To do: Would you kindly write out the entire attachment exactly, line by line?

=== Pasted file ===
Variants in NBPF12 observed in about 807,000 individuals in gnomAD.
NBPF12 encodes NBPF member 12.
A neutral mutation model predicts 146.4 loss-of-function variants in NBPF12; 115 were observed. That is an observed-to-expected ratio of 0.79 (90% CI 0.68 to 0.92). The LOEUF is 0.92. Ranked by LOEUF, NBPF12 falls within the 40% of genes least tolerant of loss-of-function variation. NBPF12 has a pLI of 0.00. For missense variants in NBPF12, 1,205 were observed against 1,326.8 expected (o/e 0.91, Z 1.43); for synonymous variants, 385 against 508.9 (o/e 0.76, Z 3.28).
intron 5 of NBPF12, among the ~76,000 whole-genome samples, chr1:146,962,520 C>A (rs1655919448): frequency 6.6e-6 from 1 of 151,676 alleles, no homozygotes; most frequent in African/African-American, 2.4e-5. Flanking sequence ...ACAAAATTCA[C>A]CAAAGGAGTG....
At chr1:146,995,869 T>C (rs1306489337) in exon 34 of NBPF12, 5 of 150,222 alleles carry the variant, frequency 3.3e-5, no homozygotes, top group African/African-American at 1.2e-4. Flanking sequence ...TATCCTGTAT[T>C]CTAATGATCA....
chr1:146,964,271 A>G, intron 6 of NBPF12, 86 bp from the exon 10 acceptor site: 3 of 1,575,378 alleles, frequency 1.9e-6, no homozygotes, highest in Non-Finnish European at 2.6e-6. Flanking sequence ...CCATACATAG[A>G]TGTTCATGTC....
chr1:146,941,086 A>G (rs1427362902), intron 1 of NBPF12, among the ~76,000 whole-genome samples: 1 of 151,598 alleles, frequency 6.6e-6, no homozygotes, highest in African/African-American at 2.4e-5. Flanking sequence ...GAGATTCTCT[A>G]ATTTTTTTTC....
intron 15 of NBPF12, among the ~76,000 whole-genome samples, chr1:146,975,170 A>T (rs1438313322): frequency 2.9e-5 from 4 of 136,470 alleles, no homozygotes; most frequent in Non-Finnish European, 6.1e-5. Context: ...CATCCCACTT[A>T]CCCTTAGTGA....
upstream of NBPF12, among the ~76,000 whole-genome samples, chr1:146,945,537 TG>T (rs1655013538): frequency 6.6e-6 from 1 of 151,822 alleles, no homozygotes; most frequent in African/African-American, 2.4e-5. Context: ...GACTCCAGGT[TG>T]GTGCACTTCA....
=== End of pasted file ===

Variants in NBPF12 observed in about 807,000 individuals in gnomAD.
NBPF12 encodes NBPF member 12.
A neutral mutation model predicts 146.4 loss-of-function variants in NBPF12; 115 were observed. That is an observed-to-expected ratio of 0.79 (90% CI 0.68 to 0.92). The LOEUF is 0.92. Ranked by LOEUF, NBPF12 falls within the 40% of genes least tolerant of loss-of-function variation. NBPF12 has a pLI of 0.00. For missense variants in NBPF12, 1,205 were observed against 1,326.8 expected (o/e 0.91, Z 1.43); for synonymous variants, 385 against 508.9 (o/e 0.76, Z 3.28).
intron 5 of NBPF12, among the ~76,000 whole-genome samples, chr1:146,962,520 C>A (rs1655919448): frequency 6.6e-6 from 1 of 151,676 alleles, no homozygotes; most frequent in African/African-American, 2.4e-5. Flanking sequence ...ACAAAATTCA[C>A]CAAAGGAGTG....
At chr1:146,995,869 T>C (rs1306489337) in exon 34 of NBPF12, 5 of 150,222 alleles carry the variant, frequency 3.3e-5, no homozygotes, top group African/African-American at 1.2e-4. Flanking sequence ...TATCCTGTAT[T>C]CTAATGATCA....
chr1:146,964,271 A>G, intron 6 of NBPF12, 86 bp from the exon 10 acceptor site: 3 of 1,575,378 alleles, frequency 1.9e-6, no homozygotes, highest in Non-Finnish European at 2.6e-6. Flanking sequence ...CCATACATAG[A>G]TGTTCATGTC....
chr1:146,941,086 A>G (rs1427362902), intron 1 of NBPF12, among the ~76,000 whole-genome samples: 1 of 151,598 alleles, frequency 6.6e-6, no homozygotes, highest in African/African-American at 2.4e-5. Flanking sequence ...GAGATTCTCT[A>G]ATTTTTTTTC....
intron 15 of NBPF12, among the ~76,000 whole-genome samples, chr1:146,975,170 A>T (rs1438313322): frequency 2.9e-5 from 4 of 136,470 alleles, no homozygotes; most frequent in Non-Finnish European, 6.1e-5. Context: ...CATCCCACTT[A>T]CCCTTAGTGA....
upstream of NBPF12, among the ~76,000 whole-genome samples, chr1:146,945,537 TG>T (rs1655013538): frequency 6.6e-6 from 1 of 151,822 alleles, no homozygotes; most frequent in African/African-American, 2.4e-5. Context: ...GACTCCAGGT[TG>T]GTGCACTTCA....